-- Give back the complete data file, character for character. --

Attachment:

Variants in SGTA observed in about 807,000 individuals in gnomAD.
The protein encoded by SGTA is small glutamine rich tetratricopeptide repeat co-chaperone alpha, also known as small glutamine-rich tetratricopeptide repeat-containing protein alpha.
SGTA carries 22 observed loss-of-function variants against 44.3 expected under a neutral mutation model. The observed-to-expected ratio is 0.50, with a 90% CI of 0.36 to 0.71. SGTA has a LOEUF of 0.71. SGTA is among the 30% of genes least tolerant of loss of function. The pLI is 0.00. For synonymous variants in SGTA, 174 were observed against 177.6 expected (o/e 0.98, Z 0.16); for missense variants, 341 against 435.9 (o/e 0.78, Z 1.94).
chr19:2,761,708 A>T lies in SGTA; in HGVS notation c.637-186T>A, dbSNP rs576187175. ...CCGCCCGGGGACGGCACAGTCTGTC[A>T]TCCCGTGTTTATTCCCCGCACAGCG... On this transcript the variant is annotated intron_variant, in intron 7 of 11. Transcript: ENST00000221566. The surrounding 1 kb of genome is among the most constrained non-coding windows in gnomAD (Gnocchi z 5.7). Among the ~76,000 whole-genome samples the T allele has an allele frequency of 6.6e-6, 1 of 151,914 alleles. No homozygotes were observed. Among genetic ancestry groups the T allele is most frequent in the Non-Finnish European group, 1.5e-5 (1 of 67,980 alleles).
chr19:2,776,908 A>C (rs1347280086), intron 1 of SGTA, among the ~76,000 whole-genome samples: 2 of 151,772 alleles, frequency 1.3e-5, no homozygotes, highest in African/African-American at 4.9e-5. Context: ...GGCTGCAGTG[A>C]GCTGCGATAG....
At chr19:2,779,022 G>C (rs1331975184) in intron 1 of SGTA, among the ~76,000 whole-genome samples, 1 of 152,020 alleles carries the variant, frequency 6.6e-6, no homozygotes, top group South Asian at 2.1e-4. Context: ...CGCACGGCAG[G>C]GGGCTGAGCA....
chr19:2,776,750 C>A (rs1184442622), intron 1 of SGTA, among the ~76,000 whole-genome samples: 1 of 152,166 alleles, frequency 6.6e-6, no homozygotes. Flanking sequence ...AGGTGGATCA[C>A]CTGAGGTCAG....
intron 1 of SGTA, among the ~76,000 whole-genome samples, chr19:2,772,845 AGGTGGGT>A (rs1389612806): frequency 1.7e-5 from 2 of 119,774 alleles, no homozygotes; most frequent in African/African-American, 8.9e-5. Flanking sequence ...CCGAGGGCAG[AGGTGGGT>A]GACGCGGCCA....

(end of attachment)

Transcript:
Variants in SGTA observed in about 807,000 individuals in gnomAD.
The protein encoded by SGTA is small glutamine rich tetratricopeptide repeat co-chaperone alpha, also known as small glutamine-rich tetratricopeptide repeat-containing protein alpha.
SGTA carries 22 observed loss-of-function variants against 44.3 expected under a neutral mutation model. The observed-to-expected ratio is 0.50, with a 90% CI of 0.36 to 0.71. SGTA has a LOEUF of 0.71. SGTA is among the 30% of genes least tolerant of loss of function. The pLI is 0.00. For synonymous variants in SGTA, 174 were observed against 177.6 expected (o/e 0.98, Z 0.16); for missense variants, 341 against 435.9 (o/e 0.78, Z 1.94).
chr19:2,761,708 A>T lies in SGTA; in HGVS notation c.637-186T>A, dbSNP rs576187175. ...CCGCCCGGGGACGGCACAGTCTGTC[A>T]TCCCGTGTTTATTCCCCGCACAGCG... On this transcript the variant is annotated intron_variant, in intron 7 of 11. Transcript: ENST00000221566. The surrounding 1 kb of genome is among the most constrained non-coding windows in gnomAD (Gnocchi z 5.7). Among the ~76,000 whole-genome samples the T allele has an allele frequency of 6.6e-6, 1 of 151,914 alleles. No homozygotes were observed. Among genetic ancestry groups the T allele is most frequent in the Non-Finnish European group, 1.5e-5 (1 of 67,980 alleles).
chr19:2,776,908 A>C (rs1347280086), intron 1 of SGTA, among the ~76,000 whole-genome samples: 2 of 151,772 alleles, frequency 1.3e-5, no homozygotes, highest in African/African-American at 4.9e-5. Context: ...GGCTGCAGTG[A>C]GCTGCGATAG....
At chr19:2,779,022 G>C (rs1331975184) in intron 1 of SGTA, among the ~76,000 whole-genome samples, 1 of 152,020 alleles carries the variant, frequency 6.6e-6, no homozygotes, top group South Asian at 2.1e-4. Context: ...CGCACGGCAG[G>C]GGGCTGAGCA....
chr19:2,776,750 C>A (rs1184442622), intron 1 of SGTA, among the ~76,000 whole-genome samples: 1 of 152,166 alleles, frequency 6.6e-6, no homozygotes. Flanking sequence ...AGGTGGATCA[C>A]CTGAGGTCAG....
intron 1 of SGTA, among the ~76,000 whole-genome samples, chr19:2,772,845 AGGTGGGT>A (rs1389612806): frequency 1.7e-5 from 2 of 119,774 alleles, no homozygotes; most frequent in African/African-American, 8.9e-5. Flanking sequence ...CCGAGGGCAG[AGGTGGGT>A]GACGCGGCCA....